Michael Irvin, director of marketing, 3XLogic, talked me through a demo of Vigil Trends, a customizable single dashboard system for business intelligence. Unlike other business intelligence providers, Vigil Trends incorporates video data into the equation, delivering the data necessary for users to make informed, effective and timely decisions about their business, their assets and their employees, he said. Drilldowns allow users to focus in on suspect transactions at POS and on other LP needs as well as operations and marketing information.
After the awards ceremony for the race—complete with a performance by the most talented, cutest little boy group I have ever seen—I visited with Genetec at a reception at Tao. Nice to catch up with the folks I met there a few months ago at the company’s press summit in Montreal.
Day 3 is coming right up.
Day One for me at ISC West:
I met with some very nice NICE folks first thing in the morning. Bob Grado of the Denver Regional Transportation District discussed his experience moving to NICE’s mobile video recording solution for its new bus fleet. The solution will significantly enhance RTD’s investigative efficiency when complaints are filed, he said. RTD approached NICE and a few other companies about its needs, but it was NICE that came through in the end, Grado said. William Lafave, NICE regional VP, major accounts, security group, said it was a win-win for the end-user and NICE. The solution was custom-built for RTD, but can easily be adapted to other end users.
Honeywell Fire Systems product manager William Brosig and public relations manager Beth Welch demonstrated how the mass communication RTZM Module is a good fit for smaller end users, such as churches, office buildings, warehouses and even schools. Tying into any brand of fire alarm system, it can send out emergency notifications through a facility’s emergency command center system via any phone. It is easy to use, with simple options and pre-programmed recordings and can be transmitted only to affected zones.
At the 3VR booth, Don Wright, director/physical security for the Carolinas Health Care System, discussed his long history with the company and the fact that when he wanted better use of his network assets it was 3VR that came through. “We have a sweet, symbiotic relationship,” he said. With 3,000 or so cameras for his many facilities, that was too many for real-time viewing. The new search features make his forensic investigations easier, and the on-board notifications of problems with specific cameras make his life easier, he said.
Sentry View System’s president and COO Justin Thompson said his power hybrid charge controller can handle up to three inputs, such as solar, wind power and generator, for example. The system, designed for power and surveillance needs at remote sites, has been successful for U.S.-Mexico border patrols, during the pope’s visit to Brazil, and for Nigerians who wanted to be able to worship as they wished despite terrorist attacks against them. It also is beneficial to critical infrastructure facilities, such as water utilities, which have a lot at stake, often in very far-flung locations.
March Networks’ Dan Cremins, director of product management, with a background of 21 years in the security industry, said that talking to end users “is the best way to learn.” He cited a number of examples, including janitors at a school who were dealing with graffiti. Those janitors turned out to be his end users, he said. He wouldn’t have known that without good communication with his customers. March Network’s goal is to reduce the time people in the field have to go out and check out what’s going on.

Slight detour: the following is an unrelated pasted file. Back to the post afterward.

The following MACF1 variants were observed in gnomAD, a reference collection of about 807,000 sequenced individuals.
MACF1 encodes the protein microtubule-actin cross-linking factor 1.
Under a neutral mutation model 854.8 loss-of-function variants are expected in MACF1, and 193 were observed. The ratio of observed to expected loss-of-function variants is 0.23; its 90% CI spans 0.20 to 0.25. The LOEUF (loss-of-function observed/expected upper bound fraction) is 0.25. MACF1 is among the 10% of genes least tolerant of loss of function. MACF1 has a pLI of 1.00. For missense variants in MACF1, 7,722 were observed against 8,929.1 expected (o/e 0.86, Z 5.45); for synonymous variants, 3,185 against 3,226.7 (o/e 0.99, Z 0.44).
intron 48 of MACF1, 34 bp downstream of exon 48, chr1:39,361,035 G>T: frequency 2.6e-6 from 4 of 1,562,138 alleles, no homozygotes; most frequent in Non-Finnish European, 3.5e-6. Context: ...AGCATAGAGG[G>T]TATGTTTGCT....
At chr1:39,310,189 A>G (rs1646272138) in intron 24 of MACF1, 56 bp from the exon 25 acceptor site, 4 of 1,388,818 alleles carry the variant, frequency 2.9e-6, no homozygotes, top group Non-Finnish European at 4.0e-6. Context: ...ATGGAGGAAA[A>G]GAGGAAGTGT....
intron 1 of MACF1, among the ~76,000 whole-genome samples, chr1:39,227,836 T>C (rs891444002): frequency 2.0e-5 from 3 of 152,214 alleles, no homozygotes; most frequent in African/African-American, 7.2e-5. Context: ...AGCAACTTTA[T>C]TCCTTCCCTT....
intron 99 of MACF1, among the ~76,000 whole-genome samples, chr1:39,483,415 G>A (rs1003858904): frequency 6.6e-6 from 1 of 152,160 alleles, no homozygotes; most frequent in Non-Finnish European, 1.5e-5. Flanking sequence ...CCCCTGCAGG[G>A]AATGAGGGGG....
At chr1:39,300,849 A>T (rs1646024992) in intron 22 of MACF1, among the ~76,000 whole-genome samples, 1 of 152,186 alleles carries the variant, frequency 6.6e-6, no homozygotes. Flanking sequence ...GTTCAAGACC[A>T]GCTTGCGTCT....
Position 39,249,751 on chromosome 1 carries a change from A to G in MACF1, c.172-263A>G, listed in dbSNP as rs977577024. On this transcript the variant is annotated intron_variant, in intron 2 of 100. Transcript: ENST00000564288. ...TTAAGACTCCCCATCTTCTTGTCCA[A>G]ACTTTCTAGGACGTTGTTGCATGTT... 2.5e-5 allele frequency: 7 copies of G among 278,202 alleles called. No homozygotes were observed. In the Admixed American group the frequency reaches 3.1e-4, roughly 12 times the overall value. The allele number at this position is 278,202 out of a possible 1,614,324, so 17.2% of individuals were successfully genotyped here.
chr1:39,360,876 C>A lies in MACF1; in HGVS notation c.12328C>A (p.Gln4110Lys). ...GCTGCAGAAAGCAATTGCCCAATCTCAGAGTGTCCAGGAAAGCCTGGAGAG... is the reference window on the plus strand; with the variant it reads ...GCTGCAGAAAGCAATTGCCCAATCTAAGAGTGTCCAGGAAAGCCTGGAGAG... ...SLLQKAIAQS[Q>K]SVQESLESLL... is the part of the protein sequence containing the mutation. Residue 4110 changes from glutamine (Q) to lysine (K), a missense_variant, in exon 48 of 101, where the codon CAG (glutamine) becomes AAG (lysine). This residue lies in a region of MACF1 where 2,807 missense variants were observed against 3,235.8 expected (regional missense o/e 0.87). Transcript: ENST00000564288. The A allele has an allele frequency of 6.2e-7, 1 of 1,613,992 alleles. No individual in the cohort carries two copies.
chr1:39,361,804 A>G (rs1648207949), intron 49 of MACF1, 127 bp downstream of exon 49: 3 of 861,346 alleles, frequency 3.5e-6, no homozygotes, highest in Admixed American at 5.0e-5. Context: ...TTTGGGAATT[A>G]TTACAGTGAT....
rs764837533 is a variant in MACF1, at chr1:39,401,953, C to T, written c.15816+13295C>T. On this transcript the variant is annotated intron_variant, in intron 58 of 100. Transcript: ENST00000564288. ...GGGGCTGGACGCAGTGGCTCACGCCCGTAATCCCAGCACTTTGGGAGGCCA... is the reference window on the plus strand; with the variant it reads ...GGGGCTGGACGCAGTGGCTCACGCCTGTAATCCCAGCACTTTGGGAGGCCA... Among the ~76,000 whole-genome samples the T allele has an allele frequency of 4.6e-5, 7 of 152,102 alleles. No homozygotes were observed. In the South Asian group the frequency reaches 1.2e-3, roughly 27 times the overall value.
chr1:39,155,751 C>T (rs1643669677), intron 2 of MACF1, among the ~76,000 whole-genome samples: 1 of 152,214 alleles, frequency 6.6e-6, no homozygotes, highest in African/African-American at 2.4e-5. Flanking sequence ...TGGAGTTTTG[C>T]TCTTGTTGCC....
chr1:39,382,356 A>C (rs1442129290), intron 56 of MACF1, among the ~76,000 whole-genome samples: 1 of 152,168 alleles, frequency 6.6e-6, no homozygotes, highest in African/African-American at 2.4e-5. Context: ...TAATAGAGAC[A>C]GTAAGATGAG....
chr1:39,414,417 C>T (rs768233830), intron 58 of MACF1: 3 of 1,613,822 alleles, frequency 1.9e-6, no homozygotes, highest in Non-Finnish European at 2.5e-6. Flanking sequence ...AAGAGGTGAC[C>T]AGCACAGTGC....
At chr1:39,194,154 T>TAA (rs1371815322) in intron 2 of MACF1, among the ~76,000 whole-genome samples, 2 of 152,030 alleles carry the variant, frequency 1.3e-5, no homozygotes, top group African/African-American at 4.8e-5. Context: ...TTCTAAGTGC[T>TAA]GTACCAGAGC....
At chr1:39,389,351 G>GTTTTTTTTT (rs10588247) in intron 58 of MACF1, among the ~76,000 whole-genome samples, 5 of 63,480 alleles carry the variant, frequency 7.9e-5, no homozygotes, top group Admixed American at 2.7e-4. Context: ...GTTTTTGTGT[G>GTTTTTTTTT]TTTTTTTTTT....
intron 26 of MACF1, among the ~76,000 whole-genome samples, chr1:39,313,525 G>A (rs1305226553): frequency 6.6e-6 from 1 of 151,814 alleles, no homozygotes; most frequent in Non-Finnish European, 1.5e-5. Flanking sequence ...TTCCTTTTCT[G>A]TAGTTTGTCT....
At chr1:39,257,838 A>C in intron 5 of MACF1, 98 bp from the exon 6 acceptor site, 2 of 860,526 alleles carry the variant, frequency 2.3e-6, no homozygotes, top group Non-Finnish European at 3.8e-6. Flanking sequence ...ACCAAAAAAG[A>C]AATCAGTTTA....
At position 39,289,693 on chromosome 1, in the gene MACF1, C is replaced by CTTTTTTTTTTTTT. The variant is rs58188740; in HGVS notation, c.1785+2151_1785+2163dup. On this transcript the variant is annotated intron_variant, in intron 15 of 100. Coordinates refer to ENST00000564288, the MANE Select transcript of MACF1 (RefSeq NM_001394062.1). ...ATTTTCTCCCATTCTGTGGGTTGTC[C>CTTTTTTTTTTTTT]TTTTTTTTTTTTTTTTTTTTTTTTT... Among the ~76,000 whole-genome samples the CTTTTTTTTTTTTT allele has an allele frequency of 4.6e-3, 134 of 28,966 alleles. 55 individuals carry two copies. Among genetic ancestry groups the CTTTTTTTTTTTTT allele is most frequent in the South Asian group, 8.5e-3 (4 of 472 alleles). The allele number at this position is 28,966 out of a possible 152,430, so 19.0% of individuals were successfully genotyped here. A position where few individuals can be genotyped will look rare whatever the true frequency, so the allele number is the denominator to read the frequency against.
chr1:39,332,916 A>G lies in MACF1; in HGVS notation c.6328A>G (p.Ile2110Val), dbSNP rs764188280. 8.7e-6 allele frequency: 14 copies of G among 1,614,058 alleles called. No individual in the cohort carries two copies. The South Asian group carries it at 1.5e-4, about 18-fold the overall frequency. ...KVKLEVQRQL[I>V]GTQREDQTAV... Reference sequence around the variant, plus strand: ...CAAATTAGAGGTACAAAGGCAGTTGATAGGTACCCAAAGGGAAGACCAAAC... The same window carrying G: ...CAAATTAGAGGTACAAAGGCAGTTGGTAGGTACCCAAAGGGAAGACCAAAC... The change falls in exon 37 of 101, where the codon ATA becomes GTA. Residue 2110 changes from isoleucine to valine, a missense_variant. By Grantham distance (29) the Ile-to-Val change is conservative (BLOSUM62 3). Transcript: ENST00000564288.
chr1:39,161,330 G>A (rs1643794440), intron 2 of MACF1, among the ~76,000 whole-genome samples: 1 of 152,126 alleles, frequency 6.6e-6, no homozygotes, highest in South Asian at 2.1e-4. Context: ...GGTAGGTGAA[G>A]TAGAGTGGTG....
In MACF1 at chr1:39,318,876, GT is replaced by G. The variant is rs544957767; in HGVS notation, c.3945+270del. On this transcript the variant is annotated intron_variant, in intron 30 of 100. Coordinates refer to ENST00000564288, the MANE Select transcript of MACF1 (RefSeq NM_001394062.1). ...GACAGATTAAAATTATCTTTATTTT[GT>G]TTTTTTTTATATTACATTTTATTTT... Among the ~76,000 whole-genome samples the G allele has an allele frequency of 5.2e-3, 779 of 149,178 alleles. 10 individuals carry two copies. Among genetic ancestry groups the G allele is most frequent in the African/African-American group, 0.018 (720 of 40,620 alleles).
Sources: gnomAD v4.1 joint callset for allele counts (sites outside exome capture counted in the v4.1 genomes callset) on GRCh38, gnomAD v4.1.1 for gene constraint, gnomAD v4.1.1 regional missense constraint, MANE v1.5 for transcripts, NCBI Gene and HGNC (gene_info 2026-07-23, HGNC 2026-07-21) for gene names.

At SRI International, “Iris on the Move” has not only stopped time-and-attendance fraud at construction sites, it has helped at worldwide airports, at sporting events, U.S. financial institutions and at data centers, said Mark Clifton, VP, Products & Services Division and general manager. The system can work in all lighting environments and is more effective than fingerprint systems, he said.
Solink’s CEO Michael Matta is all about making better sense of videos and the Big Data they produce. “There’s lots of data coming in from multiple points,” he says. Proactive surveillance can “create a story of events,” to benefit the end user. He’s looking to take actionable decision-making to banking and retail customers with multiple locations with “smaller footprint spaces.”
I also had the delightful opportunity to meet up with three of Security Director News’ previous “20 under 40” winners. Patrick Wood of John Deere, Mike Wiley of Switch and Ralph Nerette of the Dana-Farber Cancer Institute all stopped by our “Meet the Editors” event to check in and say hello. It’s always great to see these young pros again and find out what they’re up to. Such smart people!
I capped off the night with the Women’s Security Council reception to honor this year’s award winners. I had a great conversation with Silvia Fraser, manager of corporate security for the City of Toronto, about the challenges she faces each and every day. The WSC also had some exciting news to relay at the event: a new, sponsored scholarship for women in the security realm. Stay tuned for more about that.
Thursday, April 3, promises more exciting news from the physical security industry. I’ll be doing four video interviews, which you can watch here soon.
Stay tuned and keep in touch!
I’ll be arriving in Vegas tomorrow, April 1, for the big show. My schedule is jam-packed with meetings with end users to discuss their most recent successes with new technology and what they’re still looking for to help them in their day-to-day physical security challenges. I’m also scheduled to meet with some manufacturers who have promised me some fresh and new ideas to meet end users’ needs.
I’ll be blogging each day to let you know what I’ve learned from all of them and then will follow up with more in-depth articles after the show, so please stay tuned. And, as always, I appreciate any and all feedback.
If you’ll be at the show, please stop by the Meet the Editors event from 9:30-10 a.m. Wednesday at the Security Directors News/Security Systems News booth, adjacent to the ISC West Media Stage right outside the main entrance to the show floor. My colleagues, SSN editor Martha Entwistle, SSN managing editor Tess Nacelewicz, SSN associate editor Leif Kothe and I are looking forward to getting to know more of our readers.
I’m also looking forward to catching up with some of the SDN “20 under 40” alumni at the show. Spending time with this group of young professionals is one of the highlights of my job.
Hope to see you there!